Recent Free Range videos with eco-themes including Grocery Store Wars, a Star Wars spoof about a “small band of organic vegetable puppets” including Cuke Skywalker, Ham Solo, Chewbroccoli and Obi Wan Cannoli that do battle against Darth Tader and the Dark Side of the Farm.  

 

Most recently, Free Range released The Story of Stuff, a 20-minute video that explains the environmental impact regarding the “stuff” we consume.  The video has been a huge hit, recording more than 3 million viewers on The Story of Stuff microsite alone. Moreover, the video has received acclaim by winning the SXSW Interactive Award for its contribution as an educational resource.

 

Marketers should recognize that there are certain trade-offs made in producing their own original content themselves versus encouraging users to generate it for them.  For example, with original content, upfront costs are likely to be significant higher.  Yet, for getting a complex message across to consumers, original content may be a marketer’s best option to hit a home run.


Driving Engagement and Viral Marketing Impact in Green: Part I – User-Generated Content

July 8, 2008

Tapping social media to engage consumers as well as facilitate viral marketing has the potential to generate significant results for marketers.  Not only can this drive greater brand impact but it can significantly increase reach to a receptive audience at little, if any, incremental cost. 

 

Today, more and more marketers are trying to launch campaigns that have the twin goals of increasing consumer engagement and viral marketing impact.  For many marketers, it often appears that achieving these goals is more a matter of art.  Yet, platforms such as Brickfish are emerging that are rapidly turning such an approach into a science. 

 

Brickfish is an online marketing platform that rewards participants for engaging with brands.  The idea is quite simple: participants come to the Brickfish site and choose which campaign they would like to participate in.  They have an opportunity not only to create content but to review and vote on existing content as well as to share with others through email and IM and across multitudes of social media sites.  Behaviors are rewarded directly or through a chance to win prizes for “most popular” or “most viral” entries.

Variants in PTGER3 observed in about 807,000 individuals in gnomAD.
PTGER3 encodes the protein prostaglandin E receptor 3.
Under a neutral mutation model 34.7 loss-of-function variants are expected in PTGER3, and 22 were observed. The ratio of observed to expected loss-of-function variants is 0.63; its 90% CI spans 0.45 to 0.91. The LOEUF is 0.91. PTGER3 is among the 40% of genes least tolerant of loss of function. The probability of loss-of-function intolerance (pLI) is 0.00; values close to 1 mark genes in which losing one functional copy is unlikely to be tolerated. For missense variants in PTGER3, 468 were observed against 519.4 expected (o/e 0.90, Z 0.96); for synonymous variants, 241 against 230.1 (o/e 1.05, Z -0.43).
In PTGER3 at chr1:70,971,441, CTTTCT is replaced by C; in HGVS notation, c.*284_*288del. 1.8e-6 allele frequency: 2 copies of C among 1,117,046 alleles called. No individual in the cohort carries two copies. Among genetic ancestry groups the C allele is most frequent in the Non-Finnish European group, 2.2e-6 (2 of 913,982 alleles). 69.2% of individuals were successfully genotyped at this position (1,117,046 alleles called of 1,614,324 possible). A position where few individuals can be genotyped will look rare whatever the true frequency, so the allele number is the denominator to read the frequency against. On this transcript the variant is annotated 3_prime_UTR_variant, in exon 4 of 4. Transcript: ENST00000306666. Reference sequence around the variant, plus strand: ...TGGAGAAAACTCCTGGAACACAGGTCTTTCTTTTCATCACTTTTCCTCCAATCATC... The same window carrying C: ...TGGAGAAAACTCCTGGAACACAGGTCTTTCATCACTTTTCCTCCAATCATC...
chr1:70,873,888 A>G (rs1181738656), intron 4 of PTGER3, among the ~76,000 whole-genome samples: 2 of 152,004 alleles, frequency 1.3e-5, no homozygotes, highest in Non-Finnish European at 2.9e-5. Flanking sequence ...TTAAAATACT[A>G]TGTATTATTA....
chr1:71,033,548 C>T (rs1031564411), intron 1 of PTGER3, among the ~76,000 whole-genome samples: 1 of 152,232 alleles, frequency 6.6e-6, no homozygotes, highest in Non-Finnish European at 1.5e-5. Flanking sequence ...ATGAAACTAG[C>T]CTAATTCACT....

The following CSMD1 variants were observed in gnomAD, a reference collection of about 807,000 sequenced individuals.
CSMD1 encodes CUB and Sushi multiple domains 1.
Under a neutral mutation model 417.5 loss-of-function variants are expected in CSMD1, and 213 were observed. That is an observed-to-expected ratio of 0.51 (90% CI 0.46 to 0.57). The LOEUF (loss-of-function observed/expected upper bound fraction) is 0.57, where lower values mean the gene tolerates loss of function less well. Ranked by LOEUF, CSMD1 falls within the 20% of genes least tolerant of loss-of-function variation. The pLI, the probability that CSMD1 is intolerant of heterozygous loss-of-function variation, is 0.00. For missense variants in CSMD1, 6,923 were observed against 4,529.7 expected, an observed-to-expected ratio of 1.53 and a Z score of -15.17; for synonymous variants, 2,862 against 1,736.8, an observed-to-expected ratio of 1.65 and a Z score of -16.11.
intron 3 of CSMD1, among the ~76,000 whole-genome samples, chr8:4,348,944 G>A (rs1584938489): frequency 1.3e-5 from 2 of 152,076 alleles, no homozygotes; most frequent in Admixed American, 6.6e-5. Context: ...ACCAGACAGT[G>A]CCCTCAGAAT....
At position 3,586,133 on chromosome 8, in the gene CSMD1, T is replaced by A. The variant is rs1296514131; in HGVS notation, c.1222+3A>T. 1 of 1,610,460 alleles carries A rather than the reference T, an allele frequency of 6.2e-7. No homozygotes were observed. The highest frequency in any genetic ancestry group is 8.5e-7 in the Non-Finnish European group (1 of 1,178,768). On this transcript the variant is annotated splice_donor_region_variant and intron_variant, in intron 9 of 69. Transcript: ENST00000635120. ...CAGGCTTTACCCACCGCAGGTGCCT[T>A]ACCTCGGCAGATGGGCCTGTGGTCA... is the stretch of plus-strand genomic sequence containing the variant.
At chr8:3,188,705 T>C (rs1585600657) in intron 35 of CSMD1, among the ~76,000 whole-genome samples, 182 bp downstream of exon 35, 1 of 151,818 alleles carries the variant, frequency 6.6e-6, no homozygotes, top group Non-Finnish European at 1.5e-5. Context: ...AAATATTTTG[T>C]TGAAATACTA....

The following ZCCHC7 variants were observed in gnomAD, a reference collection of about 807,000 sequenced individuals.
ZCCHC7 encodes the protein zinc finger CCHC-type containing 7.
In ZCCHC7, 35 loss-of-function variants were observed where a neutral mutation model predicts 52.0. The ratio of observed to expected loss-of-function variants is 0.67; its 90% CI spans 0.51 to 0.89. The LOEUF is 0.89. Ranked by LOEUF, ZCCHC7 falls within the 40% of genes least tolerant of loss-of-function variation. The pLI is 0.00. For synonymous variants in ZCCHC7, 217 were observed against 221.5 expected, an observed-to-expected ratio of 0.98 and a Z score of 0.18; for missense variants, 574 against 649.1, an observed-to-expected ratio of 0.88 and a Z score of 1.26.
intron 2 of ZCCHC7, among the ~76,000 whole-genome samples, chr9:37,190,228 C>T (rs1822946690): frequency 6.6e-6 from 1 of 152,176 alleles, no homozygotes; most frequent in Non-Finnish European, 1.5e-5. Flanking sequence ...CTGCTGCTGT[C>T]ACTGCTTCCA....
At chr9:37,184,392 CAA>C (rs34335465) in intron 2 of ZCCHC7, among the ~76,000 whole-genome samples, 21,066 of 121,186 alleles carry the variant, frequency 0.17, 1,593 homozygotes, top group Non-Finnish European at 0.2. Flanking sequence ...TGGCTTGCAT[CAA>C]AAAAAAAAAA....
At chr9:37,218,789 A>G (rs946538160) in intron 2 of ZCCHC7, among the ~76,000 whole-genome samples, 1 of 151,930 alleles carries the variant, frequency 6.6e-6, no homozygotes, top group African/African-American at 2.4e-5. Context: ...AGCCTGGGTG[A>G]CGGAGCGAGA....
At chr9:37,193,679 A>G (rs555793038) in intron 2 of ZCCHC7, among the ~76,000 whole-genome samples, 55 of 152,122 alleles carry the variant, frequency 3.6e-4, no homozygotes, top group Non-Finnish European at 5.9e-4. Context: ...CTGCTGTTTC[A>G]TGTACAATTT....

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Several eco-friendly brands have launched campaigns using the Brickfish platform including Origins, North Face and Honest Foods. 

 

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What is interesting is the transparency by which Brickfish reports campaign results.  While most agencies are beholden to their clients for their results that they generate, it is rare that such results are shared openly outside of corporate marketing circles.   In the case of Brickfish, visitors can track total activities conducted on the site including user-generated content entries, reviews, votes and views.  Moreover, visitors can rank content by user preference as well as viral reach. 

 

Impressively, Brickfish provides users with a visualization of each viral campaign enabling marketers to understand how content is shared between users from one application to another.

 

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Green marketers should consider such a platform.  Not only is this a efficient way to engage consumers (clients pay on a cost-per-engagement basis), but the results provided by Brickfish are impressive, as the company claims that their “viral marketing approach…has proven to be 5 to 10 times more effective than traditional online marketing methods such as display ads or search optimization.”